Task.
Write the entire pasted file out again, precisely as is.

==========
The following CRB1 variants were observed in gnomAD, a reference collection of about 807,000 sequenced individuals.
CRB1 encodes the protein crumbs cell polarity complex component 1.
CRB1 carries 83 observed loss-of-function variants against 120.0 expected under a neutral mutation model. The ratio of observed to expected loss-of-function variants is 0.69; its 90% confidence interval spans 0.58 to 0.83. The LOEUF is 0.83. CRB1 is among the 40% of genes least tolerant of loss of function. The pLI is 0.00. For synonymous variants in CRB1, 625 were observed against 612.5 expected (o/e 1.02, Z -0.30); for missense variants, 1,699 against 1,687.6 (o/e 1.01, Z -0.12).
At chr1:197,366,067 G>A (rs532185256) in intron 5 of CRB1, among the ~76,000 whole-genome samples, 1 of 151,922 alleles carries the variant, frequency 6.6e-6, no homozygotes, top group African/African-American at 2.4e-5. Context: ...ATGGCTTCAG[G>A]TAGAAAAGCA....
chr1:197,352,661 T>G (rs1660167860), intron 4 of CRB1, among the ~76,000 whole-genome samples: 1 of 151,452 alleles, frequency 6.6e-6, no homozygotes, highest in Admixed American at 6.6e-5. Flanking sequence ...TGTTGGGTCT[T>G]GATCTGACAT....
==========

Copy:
The following CRB1 variants were observed in gnomAD, a reference collection of about 807,000 sequenced individuals.
CRB1 encodes the protein crumbs cell polarity complex component 1.
CRB1 carries 83 observed loss-of-function variants against 120.0 expected under a neutral mutation model. The ratio of observed to expected loss-of-function variants is 0.69; its 90% confidence interval spans 0.58 to 0.83. The LOEUF is 0.83. CRB1 is among the 40% of genes least tolerant of loss of function. The pLI is 0.00. For synonymous variants in CRB1, 625 were observed against 612.5 expected (o/e 1.02, Z -0.30); for missense variants, 1,699 against 1,687.6 (o/e 1.01, Z -0.12).
At chr1:197,366,067 G>A (rs532185256) in intron 5 of CRB1, among the ~76,000 whole-genome samples, 1 of 151,922 alleles carries the variant, frequency 6.6e-6, no homozygotes, top group African/African-American at 2.4e-5. Context: ...ATGGCTTCAG[G>A]TAGAAAAGCA....
chr1:197,352,661 T>G (rs1660167860), intron 4 of CRB1, among the ~76,000 whole-genome samples: 1 of 151,452 alleles, frequency 6.6e-6, no homozygotes, highest in Admixed American at 6.6e-5. Flanking sequence ...TGTTGGGTCT[T>G]GATCTGACAT....